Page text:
Archive for the ‘Trades’ Category

In his 11 seasons with the Braves and Dodgers, shortstop Rafael Furcal reached the playoffs nine times, but never got to a World Series. When the chance came to join the Cardinals, Furcal sensed they might get him where he wanted to go.

Ten years ago, on July 31, 2011, the Cardinals acquired Furcal from the Dodgers for outfielder Alex Castellanos. As a player with 10 years or more of big-league service, including at least five with the same team, Furcal’s permission was needed to make the deal.

Furcal gave his approval, and both he and the Cardinals benefitted. Taking over the leadoff spot in the batting order and providing consistent defense, Furcal reached the World Series for the only time, helping the 2011 Cardinals win the championship.

Premier player

Born and raised in the Dominican Republic, Furcal was 22 when he debuted in the majors with the Braves in 2000. He won the National League Rookie of the Year Award, finishing ahead of Cardinals pitcher Rick Ankiel.

In 2003, Furcal turned an unassisted triple play against the Cardinals. He also achieved double-digit totals that season in doubles (35), triples (10) and home runs (15) and was named to the National League all-star team for the first time.

Furcal had a career-high 46 steals in 2005 and again got to double digits in doubles (31), triples (11) and home runs (12). 

After six seasons (2000-2005) with the Braves, he became a free agent and joined the Dodgers. In 2006, Furcal had a career-high 196 hits and scored 100 runs for the fourth consecutive year.

Furcal twice opposed the Cardinals in the playoffs, with dissimilar results. He hit .091 against them in the 2000 National League Division Series and .500 in the 2009 Division Series.

Time is right

In 2008, Furcal had back surgery. He twice was on the disabled list in 2010 and spent two more stints there with the Dodgers in 2011.

Soon after he came off the disabled list for the second time in July 2011, the Cardinals sent scouts Marty Keough and Bill Gayton to follow him for a week.

“One of the more animated players in the clubhouse, Furcal also was the Dodgers’ offensive spark when healthy,” the Los Angeles Times noted.

The Cardinals were in the market for a shortstop to replace Ryan Theriot, who went into a batting slump in July 2011.

The scouts liked what they saw from Furcal. The Dodgers, who wanted to create an opening for shortstop prospect Dee Gordon, were willing to deal.

Furcal told the St. Louis Post-Dispatch, “It’s part of my dream to win a World Series ring. I think it’s time to do it.”

Contributing to the cause

Post-Dispatch columnist Bernie Miklasz endorsed the trade, calling Furcal a “winning player.”

The Cardinals hoped Furcal would play as well for them as he had against them. He hit .344 versus the Cardinals in his career.

On the day of the deal, the Cardinals (57-50) were in second place in their division, 1.5 games behind the Brewers. With Furcal’s arrival, Theriot shifted to second and shared playing time with Skip Schumaker.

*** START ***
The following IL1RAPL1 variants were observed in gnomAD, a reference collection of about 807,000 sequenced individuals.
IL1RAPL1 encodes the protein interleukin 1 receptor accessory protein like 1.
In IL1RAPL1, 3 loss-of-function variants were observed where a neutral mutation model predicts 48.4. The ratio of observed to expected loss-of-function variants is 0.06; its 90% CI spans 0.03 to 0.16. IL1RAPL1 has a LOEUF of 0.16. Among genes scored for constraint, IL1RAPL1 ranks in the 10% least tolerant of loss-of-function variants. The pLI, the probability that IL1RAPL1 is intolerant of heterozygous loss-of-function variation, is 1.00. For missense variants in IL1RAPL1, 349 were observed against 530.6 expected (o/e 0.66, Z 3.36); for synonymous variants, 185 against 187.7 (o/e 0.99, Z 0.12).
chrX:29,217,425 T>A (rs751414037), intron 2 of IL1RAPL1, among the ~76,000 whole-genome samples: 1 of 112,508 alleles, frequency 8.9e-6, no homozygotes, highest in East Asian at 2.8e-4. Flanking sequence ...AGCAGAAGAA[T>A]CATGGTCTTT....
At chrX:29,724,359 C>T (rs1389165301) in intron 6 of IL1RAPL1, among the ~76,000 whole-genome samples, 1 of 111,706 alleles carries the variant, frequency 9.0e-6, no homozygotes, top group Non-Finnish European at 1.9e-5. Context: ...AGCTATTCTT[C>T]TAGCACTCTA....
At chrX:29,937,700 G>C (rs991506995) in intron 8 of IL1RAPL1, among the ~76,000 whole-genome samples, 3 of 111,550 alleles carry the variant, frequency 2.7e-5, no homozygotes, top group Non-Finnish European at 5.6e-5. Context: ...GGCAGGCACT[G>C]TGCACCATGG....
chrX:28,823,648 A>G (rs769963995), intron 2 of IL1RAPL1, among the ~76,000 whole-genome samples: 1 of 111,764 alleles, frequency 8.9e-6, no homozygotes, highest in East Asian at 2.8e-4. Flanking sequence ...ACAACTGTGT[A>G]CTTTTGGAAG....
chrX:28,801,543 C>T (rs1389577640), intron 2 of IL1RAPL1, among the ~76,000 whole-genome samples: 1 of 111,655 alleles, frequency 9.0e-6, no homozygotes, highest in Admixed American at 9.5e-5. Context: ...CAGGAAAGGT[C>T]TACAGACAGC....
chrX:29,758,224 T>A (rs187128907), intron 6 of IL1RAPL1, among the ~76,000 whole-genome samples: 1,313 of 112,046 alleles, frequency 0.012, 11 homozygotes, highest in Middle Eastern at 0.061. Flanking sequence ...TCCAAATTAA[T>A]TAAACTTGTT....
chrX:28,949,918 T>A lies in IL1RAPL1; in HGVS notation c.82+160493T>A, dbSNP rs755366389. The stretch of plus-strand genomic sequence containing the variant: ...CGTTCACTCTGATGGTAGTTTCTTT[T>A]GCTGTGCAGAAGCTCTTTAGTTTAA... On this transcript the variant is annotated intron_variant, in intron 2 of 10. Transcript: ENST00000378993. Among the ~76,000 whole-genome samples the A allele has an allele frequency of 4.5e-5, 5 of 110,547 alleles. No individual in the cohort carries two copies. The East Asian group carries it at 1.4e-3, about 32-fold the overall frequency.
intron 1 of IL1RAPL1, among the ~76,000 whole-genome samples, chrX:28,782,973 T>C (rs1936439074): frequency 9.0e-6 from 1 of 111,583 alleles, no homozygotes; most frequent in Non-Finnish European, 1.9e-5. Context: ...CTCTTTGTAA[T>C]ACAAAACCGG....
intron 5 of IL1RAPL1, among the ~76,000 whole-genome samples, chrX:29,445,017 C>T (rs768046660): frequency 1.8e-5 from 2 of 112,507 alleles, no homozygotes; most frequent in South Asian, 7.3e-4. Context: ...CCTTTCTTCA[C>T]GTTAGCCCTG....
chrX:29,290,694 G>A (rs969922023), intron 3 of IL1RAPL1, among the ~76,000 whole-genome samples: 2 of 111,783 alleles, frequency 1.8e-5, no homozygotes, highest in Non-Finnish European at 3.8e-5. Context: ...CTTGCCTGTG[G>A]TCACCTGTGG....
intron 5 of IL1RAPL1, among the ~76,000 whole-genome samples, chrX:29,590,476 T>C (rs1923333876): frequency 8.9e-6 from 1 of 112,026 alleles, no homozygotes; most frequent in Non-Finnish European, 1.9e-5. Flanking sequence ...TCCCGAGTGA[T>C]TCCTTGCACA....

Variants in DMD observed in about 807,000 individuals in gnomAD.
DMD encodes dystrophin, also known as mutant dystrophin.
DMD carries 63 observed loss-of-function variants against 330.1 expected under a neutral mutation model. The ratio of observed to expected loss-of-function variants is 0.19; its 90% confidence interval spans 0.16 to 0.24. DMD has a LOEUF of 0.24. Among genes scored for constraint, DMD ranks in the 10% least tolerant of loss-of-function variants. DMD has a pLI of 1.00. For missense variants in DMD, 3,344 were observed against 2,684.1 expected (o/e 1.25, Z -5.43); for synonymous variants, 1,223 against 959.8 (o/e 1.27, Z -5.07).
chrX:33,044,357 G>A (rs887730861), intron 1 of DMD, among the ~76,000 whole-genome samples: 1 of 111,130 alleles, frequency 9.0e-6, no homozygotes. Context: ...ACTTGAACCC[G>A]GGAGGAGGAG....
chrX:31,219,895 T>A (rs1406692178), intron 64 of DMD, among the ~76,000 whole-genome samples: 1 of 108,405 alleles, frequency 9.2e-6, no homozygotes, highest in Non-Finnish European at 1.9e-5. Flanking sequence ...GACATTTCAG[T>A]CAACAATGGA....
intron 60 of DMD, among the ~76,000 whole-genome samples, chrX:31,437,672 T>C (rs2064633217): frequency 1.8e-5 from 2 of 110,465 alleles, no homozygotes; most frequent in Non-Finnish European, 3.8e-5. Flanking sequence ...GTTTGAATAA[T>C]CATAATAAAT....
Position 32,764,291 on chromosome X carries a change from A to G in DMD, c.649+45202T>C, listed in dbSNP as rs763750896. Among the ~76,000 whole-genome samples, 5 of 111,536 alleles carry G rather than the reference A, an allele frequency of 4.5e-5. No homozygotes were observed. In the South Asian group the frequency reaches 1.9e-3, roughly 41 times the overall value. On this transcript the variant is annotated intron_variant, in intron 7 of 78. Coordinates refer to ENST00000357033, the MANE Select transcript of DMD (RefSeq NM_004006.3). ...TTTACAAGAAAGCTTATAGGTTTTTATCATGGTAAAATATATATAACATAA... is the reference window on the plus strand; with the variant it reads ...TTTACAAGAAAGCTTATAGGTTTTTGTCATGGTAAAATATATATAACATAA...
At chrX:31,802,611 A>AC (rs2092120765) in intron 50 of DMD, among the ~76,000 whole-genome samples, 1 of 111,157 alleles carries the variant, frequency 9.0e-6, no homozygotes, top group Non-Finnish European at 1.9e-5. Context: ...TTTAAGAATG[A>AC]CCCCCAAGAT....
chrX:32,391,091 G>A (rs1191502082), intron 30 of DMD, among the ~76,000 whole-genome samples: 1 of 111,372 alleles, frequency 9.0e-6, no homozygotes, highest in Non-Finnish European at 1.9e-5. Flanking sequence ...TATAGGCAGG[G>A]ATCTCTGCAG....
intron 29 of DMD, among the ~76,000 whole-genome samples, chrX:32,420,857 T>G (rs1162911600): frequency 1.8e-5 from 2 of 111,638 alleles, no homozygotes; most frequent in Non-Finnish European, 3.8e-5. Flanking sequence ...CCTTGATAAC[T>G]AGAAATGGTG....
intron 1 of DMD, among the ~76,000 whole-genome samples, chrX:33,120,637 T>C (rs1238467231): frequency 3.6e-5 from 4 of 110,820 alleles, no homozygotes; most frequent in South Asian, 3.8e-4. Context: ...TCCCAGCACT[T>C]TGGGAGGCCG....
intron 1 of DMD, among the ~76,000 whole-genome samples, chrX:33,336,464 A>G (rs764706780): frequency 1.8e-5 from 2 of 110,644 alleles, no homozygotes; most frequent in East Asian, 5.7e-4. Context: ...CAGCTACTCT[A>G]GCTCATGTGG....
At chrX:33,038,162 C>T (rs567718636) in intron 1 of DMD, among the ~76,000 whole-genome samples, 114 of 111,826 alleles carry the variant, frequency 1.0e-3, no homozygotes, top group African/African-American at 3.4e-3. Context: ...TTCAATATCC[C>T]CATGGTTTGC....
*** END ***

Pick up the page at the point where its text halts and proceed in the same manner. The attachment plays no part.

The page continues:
In September, Furcal contributed to the Cardinals’ successful surge.

On Sept. 9, in the opener of a three-game series versus the Braves at St. Louis, Furcal had three walks, a hit and scored two runs, including the tying one in the ninth, in a 4-3 Cardinals victory. Boxscore

Two weeks later, on Sept. 19, Furcal had three hits, including two doubles, and scored a run, helping the Cardinals beat Phillies ace Roy Halladay for the first time. The 4-3 win moved the Cardinals to within 2.5 games of the Braves for the wild-card spot. Boxscore

The Cardinals were 18-8 in September and got into the playoffs. Furcal had 50 hits in 50 regular-season games for them and scored 29 runs.

“You saw how much better our club was when he was on our team,” Cardinals general manager John Mozeliak said to the Post-Dispatch. “He really solidified our defense up the middle.”

In a January 2012 interview, Cardinals broadcaster and former pitcher Rick Horton told me, “Defense matters. It’s an absolute fact that if you can’t catch the ball better than the rest, you’re going to lose games you shouldn’t lose … The Cardinals became better up the middle when they had Furcal at shortstop.”

Making an impact

Furcal had a prominent role in each of the Cardinals’ decisive games of the 2011 postseason.

In the finale of the National League Division Series versus the Phillies, Furcal led off the game with a triple against Roy Halladay and scored on Skip Schumacher’s double. Chris Carpenter pitched a shutout and the Cardinals won, 1-0. Boxscore

When the Cardinals clinched the pennant with a win in Game 6 of the National League Championship Series against the Brewers, Furcal hit a home run. Boxscore

Furcal batted leadoff in every game of the Division Series and League Championship Series, and in the first six games of the World Series versus the Rangers.

For Game 7 of the World Series, manager Tony La Russa put Theriot in the leadoff spot and dropped Furcal to seventh. Furcal responded with two hits. He also was hit by a pitch with the bases loaded in the fifth, scoring Albert Pujols from third.

The Cardinals won, 6-2, and were World Series champions. Boxscore

Knockout blow

Eligible to become a free agent, Furcal signed a two-year, $14 million contract with the Cardinals in December 2011.